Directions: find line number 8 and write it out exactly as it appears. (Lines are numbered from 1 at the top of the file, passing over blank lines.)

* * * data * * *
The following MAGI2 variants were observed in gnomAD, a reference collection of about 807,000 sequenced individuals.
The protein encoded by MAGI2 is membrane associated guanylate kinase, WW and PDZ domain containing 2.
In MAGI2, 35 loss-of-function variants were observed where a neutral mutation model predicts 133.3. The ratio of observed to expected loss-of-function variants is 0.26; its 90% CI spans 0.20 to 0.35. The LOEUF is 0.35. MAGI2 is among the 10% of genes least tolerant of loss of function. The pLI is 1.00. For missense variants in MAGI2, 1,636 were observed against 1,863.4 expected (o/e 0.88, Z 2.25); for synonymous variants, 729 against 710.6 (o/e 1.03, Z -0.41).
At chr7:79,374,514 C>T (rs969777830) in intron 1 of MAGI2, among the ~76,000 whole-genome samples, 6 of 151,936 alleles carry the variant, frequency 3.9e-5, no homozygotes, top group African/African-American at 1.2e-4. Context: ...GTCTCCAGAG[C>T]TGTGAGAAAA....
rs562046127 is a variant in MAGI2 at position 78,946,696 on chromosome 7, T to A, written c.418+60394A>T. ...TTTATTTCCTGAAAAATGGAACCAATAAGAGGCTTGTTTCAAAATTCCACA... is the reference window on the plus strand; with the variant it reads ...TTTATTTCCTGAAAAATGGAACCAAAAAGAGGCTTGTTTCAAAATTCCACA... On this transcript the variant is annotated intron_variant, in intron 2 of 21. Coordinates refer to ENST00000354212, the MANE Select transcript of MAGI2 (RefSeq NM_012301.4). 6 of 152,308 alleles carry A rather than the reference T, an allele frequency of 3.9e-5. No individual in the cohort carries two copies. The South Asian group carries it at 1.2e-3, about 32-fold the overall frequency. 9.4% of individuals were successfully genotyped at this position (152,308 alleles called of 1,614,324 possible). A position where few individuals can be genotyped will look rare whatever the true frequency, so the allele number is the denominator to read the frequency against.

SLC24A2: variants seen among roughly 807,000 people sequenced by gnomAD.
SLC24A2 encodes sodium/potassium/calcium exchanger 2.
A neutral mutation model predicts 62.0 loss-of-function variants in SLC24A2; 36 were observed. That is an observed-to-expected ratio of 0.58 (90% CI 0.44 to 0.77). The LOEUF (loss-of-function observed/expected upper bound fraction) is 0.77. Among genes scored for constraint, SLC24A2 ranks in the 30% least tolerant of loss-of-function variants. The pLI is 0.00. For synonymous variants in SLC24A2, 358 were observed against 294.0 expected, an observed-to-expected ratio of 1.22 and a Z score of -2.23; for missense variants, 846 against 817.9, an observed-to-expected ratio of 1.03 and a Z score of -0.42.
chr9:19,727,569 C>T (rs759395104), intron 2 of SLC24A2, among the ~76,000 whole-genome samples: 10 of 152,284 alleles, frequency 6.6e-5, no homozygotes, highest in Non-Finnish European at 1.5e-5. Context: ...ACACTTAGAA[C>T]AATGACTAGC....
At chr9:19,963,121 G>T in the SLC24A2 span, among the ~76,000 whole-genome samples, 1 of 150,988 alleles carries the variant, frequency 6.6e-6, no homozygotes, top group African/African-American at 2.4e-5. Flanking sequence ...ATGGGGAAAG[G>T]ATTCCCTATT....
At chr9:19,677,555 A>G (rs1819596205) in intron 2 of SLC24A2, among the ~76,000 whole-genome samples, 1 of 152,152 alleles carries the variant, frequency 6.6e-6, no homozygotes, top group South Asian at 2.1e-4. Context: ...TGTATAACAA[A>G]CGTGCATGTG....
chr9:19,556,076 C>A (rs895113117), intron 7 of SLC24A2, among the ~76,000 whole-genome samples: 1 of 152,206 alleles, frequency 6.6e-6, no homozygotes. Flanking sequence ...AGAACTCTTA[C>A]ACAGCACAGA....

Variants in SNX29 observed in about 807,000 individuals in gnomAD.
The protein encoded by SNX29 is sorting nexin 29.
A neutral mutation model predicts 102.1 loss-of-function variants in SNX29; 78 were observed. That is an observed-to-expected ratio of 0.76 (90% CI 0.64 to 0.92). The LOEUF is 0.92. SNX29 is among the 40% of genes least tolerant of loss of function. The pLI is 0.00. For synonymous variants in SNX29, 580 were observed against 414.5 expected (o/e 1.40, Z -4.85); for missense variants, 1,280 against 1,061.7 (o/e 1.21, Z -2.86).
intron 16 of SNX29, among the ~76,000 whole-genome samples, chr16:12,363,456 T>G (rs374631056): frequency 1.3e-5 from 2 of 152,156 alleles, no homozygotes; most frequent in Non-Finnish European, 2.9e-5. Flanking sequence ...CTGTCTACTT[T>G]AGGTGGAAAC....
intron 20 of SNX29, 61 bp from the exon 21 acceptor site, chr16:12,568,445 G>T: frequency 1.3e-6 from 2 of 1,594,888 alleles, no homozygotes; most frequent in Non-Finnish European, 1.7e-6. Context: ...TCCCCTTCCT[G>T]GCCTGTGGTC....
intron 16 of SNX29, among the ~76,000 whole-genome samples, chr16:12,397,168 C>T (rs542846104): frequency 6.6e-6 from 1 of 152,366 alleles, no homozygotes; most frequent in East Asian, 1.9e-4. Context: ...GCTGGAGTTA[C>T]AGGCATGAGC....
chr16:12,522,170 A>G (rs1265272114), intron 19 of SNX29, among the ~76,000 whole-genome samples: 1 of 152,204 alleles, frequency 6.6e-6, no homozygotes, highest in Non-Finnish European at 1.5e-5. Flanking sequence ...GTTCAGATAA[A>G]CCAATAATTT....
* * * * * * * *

A neutral mutation model predicts 62.0 loss-of-function variants in SLC24A2; 36 were observed. That is an observed-to-expected ratio of 0.58 (90% CI 0.44 to 0.77). The LOEUF (loss-of-function observed/expected upper bound fraction) is 0.77. Among genes scored for constraint, SLC24A2 ranks in the 30% least tolerant of loss-of-function variants. The pLI is 0.00. For synonymous variants in SLC24A2, 358 were observed against 294.0 expected, an observed-to-expected ratio of 1.22 and a Z score of -2.23; for missense variants, 846 against 817.9, an observed-to-expected ratio of 1.03 and a Z score of -0.42.